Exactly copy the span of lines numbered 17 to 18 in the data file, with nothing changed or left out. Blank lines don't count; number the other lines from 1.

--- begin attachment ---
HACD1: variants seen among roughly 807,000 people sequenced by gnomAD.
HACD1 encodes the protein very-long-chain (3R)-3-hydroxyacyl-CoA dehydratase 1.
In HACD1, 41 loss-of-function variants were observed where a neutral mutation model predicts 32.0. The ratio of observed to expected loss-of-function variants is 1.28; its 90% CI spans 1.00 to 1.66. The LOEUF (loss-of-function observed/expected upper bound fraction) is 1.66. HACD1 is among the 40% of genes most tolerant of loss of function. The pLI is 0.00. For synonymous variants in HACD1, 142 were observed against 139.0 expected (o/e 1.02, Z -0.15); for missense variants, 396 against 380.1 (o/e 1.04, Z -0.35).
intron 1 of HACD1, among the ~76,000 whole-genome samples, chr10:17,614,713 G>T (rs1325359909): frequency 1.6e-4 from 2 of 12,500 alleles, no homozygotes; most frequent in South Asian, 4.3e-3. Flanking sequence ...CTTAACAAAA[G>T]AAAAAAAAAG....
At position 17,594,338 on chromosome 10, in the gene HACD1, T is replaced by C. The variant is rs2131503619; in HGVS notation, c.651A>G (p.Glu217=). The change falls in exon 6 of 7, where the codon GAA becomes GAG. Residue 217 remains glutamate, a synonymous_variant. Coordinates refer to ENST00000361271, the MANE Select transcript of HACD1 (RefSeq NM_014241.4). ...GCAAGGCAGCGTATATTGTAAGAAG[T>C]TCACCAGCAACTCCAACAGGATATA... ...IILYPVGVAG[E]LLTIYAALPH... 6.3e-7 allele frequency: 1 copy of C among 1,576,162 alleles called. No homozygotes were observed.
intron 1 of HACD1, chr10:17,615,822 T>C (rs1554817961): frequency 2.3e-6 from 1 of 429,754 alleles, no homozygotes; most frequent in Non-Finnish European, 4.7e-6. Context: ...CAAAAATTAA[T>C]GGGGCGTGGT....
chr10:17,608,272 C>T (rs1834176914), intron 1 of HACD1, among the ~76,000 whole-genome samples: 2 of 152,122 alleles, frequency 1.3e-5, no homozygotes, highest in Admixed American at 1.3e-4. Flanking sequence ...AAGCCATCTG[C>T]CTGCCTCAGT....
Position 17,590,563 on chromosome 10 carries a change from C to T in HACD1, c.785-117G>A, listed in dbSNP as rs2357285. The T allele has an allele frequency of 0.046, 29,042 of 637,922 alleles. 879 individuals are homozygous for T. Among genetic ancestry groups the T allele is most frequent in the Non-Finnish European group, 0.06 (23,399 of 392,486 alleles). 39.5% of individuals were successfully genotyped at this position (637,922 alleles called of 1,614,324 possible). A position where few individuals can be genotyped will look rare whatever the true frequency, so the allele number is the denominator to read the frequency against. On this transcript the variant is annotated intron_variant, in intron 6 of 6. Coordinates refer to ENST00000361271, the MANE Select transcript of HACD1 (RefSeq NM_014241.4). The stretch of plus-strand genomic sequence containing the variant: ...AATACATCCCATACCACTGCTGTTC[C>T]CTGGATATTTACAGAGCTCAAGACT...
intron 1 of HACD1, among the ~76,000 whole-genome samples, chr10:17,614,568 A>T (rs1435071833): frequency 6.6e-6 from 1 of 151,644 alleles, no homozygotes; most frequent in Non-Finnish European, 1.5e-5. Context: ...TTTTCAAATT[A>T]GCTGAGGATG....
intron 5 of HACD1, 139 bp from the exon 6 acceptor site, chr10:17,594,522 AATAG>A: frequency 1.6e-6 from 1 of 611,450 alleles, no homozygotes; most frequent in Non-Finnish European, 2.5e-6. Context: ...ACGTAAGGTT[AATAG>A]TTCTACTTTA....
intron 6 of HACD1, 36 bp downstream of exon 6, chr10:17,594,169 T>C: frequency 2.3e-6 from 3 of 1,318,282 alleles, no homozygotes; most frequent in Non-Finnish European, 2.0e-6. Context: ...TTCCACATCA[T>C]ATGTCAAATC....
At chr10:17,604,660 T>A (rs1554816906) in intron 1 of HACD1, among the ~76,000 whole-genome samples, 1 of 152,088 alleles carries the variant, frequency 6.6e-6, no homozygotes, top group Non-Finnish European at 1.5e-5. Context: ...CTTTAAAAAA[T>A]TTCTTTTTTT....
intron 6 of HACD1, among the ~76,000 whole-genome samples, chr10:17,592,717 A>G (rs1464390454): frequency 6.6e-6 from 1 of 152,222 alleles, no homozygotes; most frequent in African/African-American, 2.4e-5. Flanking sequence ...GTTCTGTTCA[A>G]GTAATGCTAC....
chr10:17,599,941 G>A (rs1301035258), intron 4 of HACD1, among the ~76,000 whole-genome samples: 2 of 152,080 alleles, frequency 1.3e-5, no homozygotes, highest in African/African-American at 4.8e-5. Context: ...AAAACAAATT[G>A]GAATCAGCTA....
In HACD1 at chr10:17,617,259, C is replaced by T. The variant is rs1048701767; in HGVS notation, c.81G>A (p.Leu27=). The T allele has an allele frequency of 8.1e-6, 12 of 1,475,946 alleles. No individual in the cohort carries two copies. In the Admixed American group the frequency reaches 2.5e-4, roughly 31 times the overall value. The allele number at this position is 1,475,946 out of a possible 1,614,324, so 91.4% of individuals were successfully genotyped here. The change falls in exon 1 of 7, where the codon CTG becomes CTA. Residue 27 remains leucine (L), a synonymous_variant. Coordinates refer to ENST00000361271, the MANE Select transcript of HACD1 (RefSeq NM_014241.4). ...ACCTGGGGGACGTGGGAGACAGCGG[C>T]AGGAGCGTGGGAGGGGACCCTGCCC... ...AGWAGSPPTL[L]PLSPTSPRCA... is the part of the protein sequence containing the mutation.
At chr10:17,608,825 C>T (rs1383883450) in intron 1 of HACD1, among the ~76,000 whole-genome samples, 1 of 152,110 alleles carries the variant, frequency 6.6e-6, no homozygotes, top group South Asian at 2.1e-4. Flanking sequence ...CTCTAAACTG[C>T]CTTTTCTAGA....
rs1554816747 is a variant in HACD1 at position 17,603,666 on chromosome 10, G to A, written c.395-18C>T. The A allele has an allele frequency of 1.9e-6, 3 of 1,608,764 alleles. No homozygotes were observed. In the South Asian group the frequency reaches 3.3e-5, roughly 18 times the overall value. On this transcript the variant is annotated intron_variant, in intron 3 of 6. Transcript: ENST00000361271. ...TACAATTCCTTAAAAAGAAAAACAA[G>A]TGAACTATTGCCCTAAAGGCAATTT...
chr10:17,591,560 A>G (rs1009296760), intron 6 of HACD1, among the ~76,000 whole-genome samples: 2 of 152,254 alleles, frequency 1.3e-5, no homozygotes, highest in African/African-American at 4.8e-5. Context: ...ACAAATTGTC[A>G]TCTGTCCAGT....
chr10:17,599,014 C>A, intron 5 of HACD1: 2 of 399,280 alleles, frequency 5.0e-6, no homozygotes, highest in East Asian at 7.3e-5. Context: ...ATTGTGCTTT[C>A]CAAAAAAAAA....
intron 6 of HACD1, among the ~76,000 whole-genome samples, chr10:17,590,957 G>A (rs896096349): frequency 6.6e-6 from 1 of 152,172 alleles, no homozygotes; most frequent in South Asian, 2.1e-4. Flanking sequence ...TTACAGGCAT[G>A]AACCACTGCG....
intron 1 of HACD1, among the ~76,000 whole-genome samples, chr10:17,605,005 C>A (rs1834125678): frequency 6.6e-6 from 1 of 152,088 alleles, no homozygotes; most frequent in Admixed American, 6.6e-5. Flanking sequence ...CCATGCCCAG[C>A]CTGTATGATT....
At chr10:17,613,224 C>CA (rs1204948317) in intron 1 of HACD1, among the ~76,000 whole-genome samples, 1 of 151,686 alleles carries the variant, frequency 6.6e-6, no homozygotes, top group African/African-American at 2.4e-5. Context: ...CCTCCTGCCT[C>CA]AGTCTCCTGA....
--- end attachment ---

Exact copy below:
rs1554816747 is a variant in HACD1 at position 17,603,666 on chromosome 10, G to A, written c.395-18C>T. The A allele has an allele frequency of 1.9e-6, 3 of 1,608,764 alleles. No homozygotes were observed. In the South Asian group the frequency reaches 3.3e-5, roughly 18 times the overall value. On this transcript the variant is annotated intron_variant, in intron 3 of 6. Transcript: ENST00000361271. ...TACAATTCCTTAAAAAGAAAAACAA[G>A]TGAACTATTGCCCTAAAGGCAATTT...
chr10:17,591,560 A>G (rs1009296760), intron 6 of HACD1, among the ~76,000 whole-genome samples: 2 of 152,254 alleles, frequency 1.3e-5, no homozygotes, highest in African/African-American at 4.8e-5. Context: ...ACAAATTGTC[A>G]TCTGTCCAGT....